- Programming And Master Planning : HOK
- Mechanical/Electrical/Plumbing Engineer : TLC Engineering for Architecture
- Program Manager : Peter Arendt
- Code Consultant : Rolf Jensen & Associates
- Food Service Consultant : Schwartz Schwartz & Associates
- Graphics/Signage Consultant : Dan Meeker Design
- Hardware Consultant : S.B.S. Associates Inc.
- Client : Salvador Dalí Museum
- Design Team : Duncan Broyd, Eva Busato, David Chason, Jenny Collins Miers, Susan Dame, Carly Debacker, Gary Erickson, Ralph Evans, Miranda Hensley, Will Hollingsworth, Scott Hughes, Laura Matson, Foard Meriwether, Eddie Pabon, Van Phrasavath, Lynn Puckett, Mary Sabel, Oliver Schwarz, Tommy Sinclair, Nicole Stearley, Izzy Torres, Anna Vasquez, Yann Weymouth, Sean Williams
- Programming : HOK
- Plumbing Engineer : TLC Engineering for Architecture
- Graphics : Dan Meeker Design
- Signage Consultant : Dan Meeker Design
- City : Saint Petersburg
- Country : United States
Text description provided by the architects. The design challenge was to create an affordable, iconic building symbolic of the Spanish painter’s work. The team ensured technical feasibility and design excellence while avoiding “kitsch.”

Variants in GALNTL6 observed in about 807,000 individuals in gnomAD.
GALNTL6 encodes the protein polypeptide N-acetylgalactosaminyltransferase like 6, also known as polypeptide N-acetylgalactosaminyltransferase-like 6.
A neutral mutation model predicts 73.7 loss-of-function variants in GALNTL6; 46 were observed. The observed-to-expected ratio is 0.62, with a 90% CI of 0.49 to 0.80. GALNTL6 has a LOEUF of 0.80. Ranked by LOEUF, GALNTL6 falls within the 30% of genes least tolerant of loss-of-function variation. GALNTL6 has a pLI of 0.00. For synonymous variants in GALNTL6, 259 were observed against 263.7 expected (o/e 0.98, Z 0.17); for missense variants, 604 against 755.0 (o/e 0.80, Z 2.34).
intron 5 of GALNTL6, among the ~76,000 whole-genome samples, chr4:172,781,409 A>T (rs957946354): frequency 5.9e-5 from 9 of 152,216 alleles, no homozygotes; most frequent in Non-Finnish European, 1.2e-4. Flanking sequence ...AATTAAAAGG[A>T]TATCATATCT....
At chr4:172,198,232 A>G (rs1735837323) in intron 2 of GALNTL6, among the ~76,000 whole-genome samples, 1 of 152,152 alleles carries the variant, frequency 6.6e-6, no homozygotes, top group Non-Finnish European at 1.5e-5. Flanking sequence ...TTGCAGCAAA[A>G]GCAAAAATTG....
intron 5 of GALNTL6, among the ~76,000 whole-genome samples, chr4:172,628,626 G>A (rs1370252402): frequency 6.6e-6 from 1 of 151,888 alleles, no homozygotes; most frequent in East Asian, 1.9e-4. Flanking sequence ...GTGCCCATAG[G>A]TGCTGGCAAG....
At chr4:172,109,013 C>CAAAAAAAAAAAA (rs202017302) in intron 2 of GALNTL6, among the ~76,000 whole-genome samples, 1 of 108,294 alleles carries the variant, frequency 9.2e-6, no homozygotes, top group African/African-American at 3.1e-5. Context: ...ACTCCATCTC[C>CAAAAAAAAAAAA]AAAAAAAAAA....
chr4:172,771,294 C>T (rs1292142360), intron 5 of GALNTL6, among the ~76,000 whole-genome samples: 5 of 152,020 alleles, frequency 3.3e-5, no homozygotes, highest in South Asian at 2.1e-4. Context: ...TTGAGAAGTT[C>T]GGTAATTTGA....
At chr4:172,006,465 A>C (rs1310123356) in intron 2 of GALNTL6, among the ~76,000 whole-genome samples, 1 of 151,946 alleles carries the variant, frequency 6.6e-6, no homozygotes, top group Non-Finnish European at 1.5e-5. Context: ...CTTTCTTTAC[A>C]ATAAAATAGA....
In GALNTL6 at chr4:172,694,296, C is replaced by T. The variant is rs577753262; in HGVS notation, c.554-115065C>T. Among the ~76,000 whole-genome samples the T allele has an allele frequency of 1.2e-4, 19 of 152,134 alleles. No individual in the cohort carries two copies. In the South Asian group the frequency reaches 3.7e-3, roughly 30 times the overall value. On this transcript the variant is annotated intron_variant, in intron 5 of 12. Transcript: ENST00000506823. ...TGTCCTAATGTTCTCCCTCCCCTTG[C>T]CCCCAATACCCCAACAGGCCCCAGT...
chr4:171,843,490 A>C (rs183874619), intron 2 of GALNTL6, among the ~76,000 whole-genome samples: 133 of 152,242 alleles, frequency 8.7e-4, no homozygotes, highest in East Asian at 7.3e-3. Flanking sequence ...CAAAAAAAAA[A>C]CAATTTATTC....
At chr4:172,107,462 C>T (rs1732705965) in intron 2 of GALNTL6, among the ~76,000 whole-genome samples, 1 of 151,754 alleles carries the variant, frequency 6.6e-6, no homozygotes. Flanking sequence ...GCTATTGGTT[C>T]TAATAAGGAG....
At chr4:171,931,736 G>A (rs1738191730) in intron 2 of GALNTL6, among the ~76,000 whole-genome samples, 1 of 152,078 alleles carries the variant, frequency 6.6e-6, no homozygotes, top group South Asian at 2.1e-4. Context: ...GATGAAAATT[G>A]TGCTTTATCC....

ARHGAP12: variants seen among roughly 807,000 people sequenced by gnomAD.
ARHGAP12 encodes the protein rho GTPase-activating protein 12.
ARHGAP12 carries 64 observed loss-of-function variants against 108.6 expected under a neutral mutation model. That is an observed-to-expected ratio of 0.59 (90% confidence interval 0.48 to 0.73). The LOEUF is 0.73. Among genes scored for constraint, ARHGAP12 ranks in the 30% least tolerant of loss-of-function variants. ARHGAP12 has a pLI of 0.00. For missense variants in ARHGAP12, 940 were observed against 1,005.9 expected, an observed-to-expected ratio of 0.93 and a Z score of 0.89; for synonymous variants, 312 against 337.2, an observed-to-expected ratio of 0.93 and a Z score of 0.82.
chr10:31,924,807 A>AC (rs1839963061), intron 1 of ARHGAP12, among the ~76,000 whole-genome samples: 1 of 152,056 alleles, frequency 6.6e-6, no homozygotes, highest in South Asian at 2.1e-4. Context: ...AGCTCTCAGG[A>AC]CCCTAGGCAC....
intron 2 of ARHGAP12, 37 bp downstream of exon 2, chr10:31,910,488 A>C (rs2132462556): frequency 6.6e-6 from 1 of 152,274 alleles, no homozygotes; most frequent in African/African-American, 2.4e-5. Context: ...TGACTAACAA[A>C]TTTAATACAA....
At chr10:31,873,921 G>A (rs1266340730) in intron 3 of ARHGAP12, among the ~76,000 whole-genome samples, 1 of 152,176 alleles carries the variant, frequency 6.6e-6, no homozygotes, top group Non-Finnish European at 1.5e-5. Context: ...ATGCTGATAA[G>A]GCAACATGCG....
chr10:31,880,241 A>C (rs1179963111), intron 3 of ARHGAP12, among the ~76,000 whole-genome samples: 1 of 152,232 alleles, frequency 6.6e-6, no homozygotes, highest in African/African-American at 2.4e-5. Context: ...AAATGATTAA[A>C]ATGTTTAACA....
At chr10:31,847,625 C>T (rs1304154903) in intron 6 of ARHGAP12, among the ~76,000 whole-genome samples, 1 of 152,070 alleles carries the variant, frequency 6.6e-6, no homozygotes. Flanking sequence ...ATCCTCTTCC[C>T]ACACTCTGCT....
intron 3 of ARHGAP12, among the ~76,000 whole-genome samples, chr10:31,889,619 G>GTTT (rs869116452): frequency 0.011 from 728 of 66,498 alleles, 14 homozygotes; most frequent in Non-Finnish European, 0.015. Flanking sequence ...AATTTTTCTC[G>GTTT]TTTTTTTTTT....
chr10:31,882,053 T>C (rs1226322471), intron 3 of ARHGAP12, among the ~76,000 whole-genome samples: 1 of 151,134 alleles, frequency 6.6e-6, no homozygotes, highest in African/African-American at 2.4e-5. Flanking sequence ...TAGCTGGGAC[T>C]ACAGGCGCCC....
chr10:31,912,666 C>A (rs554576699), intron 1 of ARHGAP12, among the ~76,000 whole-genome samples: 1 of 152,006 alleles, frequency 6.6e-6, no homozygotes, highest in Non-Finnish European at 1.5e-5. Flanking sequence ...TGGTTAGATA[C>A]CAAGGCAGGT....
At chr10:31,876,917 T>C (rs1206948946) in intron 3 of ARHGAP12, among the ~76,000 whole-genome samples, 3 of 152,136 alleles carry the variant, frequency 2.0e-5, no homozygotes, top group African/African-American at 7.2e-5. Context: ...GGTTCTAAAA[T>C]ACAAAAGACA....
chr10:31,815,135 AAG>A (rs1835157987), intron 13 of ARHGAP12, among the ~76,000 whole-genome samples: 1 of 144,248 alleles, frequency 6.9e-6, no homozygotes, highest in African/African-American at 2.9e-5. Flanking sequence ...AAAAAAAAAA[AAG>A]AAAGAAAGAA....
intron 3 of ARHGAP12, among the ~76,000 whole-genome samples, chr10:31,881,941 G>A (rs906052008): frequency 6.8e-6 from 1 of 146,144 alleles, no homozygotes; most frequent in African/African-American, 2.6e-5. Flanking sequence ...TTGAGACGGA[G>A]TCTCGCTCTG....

The three-story museum is on a beautiful bayside site along St. Petersburg’s downtown waterfront. The dramatic envelope balances the exhibition and protection of the priceless masterpieces within a simple, powerful aesthetic. A “treasure box” shelters the 2,000-piece collection from potential Category 5 hurricane winds and storm surges.
The design opens up the 18-inch-thick concrete walls with a free-form glass geodesic structure that intrigues visitors while bringing daylight and bay views into public spaces. The 75-foot-tall geodesic glass “Enigma” and 45-foot-tall “Igloo” are formed by 1,062 undulating faceted glass panes, with no two exactly alike.
A poured-in-place, sculptural concrete spiral staircase beckons visitors to the galleries above. In the Permanent Gallery, black plaster light cannons focus natural light on seven large “Masterworks,” illuminating the paintings with UV-filtered daylight within curatorial standards.
"We constantly consider the visitor experience when we design a museum. A large number of people visiting a museum will be there for the first time. The architecture must be extremely easy to understand. It can be quite adventurous and stimulating, but the circulation pathways should be clear from the moment visitors arrive at the building.
"We deliberately exposed the unfinished faces of the concrete to reduce maintenance and to allow it to be a tough, natural foil to the more refined precision of the glass Enigma. This contrast between the rational world of the conscious and the more intuitive, surprising natural world is a constant theme in Dalí's work.
"The flowing, free-form use of geodesic triangulation is a recent innovation enabled by modern computer analysis and digitally controlled fabrication that allows each component to be unique. No glass panel, structural node or strut is precisely the same. This permitted us to create a family of shapes that, while structurally robust, more closely resembles the flow of liquids in nature." —Yann Wymouth, design director for HOK Florida.